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Samsung Makes Rookie Mistake, Exposing Millions of Smartphones

Samsung made a rookie mistake in letting a domain expire that controlled a core app for Galaxy smartphones, according to a security researcher; thus opening the door on millions of devices for hackers.

Older Samsung smartphones have a stock app called S Suggest installed on them—and while the company discontinued S Suggest in 2014, there are still plenty of devices in use today that have it. João Gouveia, the CTO at Anubis Labs, told Motherboard that he observed 620 million connections to the domain from around 2.1 million unique devices in just 24 hours.

He observed that traffic because he was able to register and take over the ssuggest.com domain that controls the app. He thus effectively gained the ability to push malware to those millions of smartphones. He didn’t, of course—but he said that he could have.

"Someone with bad intentions could have grabbed that domain and done nasty things to the phones," Gouveia told the outlet, noting that S Suggests contains permissions for rebooting the phone remotely and installing apps or packages.

"Over the years, researchers have found many instances of expired domains still figuring in live code, which has the potential to give attackers various kinds of dangerous unauthorized access,” said Tim Helming, director of product management at DomainTools, via email. “Considering the low cost of registering domains (I'd guess that Samsung spends more annually on little red coffee stirrers than it would have cost to renew this domain for ten years or more), something like this should never occur because of an intentional decision. If it was a mistake, it highlights the importance of managing domain registrations. In some cases, a lapse can be merely embarrassing or inconvenient, but since so many critical systems rely on communications to domains, it's vital to retain positive control of them."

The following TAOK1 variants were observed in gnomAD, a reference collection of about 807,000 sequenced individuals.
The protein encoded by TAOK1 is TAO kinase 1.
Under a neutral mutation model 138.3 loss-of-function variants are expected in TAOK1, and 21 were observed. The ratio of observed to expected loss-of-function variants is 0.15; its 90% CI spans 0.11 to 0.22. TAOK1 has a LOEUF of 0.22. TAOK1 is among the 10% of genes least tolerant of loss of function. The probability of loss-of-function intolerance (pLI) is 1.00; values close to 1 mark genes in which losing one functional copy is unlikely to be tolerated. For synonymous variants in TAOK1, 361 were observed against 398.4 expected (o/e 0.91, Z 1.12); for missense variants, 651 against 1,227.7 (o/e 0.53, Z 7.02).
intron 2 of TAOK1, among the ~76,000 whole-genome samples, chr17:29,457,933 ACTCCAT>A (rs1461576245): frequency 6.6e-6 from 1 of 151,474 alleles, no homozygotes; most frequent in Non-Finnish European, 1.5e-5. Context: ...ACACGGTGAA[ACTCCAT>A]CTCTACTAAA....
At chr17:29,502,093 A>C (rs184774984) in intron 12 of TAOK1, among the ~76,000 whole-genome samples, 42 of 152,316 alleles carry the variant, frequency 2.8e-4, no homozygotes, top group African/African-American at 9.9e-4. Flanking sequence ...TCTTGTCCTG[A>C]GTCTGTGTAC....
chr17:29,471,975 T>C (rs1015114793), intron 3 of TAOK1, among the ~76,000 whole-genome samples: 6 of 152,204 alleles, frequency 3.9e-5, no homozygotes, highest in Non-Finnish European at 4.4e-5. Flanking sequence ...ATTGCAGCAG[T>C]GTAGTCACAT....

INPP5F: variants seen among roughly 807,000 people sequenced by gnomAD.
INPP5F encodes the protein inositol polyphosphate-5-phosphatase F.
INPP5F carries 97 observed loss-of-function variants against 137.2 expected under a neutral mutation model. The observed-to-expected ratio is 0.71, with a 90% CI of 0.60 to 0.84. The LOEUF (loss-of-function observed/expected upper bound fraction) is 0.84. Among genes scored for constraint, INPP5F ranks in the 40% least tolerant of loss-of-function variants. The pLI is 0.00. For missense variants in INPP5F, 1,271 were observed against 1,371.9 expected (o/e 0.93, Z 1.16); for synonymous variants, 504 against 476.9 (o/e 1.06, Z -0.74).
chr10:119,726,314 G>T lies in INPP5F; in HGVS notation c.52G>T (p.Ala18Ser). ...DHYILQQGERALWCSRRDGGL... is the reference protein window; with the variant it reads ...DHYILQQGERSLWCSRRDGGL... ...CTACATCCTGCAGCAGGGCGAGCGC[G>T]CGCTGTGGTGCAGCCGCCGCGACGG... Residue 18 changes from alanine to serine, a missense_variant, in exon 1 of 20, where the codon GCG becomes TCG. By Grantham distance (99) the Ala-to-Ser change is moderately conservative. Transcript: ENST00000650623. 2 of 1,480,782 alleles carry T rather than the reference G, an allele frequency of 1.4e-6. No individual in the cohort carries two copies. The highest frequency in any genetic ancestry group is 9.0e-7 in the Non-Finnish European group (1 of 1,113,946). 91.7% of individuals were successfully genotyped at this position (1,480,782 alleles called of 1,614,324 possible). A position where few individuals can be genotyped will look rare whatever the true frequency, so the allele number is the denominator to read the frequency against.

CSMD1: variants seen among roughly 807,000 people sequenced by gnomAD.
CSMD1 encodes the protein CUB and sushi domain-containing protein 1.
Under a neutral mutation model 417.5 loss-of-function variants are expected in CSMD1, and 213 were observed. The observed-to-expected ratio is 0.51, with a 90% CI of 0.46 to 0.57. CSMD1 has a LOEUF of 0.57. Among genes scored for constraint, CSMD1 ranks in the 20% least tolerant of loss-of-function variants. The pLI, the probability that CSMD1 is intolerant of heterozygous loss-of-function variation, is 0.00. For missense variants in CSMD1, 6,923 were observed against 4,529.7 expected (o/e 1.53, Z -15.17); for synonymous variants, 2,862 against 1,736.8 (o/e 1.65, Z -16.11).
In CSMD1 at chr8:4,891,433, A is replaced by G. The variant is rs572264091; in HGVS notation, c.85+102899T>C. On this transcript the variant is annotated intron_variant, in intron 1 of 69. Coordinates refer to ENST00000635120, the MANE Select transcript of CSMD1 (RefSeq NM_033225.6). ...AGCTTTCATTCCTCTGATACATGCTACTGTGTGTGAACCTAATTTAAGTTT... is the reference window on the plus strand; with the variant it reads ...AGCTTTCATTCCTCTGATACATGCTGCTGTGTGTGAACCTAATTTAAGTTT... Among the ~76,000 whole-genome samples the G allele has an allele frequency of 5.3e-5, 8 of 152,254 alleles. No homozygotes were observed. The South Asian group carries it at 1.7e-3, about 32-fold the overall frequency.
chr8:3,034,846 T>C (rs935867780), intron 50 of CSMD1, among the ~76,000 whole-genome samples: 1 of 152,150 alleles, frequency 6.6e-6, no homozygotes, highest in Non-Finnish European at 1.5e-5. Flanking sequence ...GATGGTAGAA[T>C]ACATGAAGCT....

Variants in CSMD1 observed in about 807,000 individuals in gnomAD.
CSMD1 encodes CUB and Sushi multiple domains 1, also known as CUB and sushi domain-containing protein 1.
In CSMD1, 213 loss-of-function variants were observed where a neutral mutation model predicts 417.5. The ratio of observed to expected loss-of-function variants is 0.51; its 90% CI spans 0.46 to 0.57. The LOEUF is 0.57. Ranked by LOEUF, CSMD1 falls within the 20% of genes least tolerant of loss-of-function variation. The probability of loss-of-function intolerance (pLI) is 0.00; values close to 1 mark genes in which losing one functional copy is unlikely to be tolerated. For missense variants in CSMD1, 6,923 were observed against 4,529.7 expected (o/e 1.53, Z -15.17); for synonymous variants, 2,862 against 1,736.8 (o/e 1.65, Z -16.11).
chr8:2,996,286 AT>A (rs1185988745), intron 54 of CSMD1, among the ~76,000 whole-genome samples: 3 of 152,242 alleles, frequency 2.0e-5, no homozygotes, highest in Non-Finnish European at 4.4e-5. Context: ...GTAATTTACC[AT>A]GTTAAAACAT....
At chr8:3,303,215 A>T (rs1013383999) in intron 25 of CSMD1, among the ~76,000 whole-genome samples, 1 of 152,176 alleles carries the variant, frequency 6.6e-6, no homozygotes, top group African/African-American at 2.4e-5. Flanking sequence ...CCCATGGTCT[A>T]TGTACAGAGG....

Samsung itself denies the characterization, and said that control of the domain "does not allow you to install malicious apps, it does not allow you to take control of users' phones."

But Ben Actis, an independent security researcher, backed up Gouveia’s assessment. "The app can definitely install other apps,” he told Motherboard. "Someone malicious could install whatever they wanted."

The news comes not long after the Korean giant caught negative ink for its Tizen operating system, in which a security researcher reportedly found as many as 40 zero-day bugs in it. Amihai Neiderman of Equus Software, said that it’s riddled with remote code execution flaws.

"Everything you can do wrong there, they do it,” he said. “You can see that nobody with any understanding of security looked at this code or wrote it. It's like taking an undergraduate and letting him program your software."

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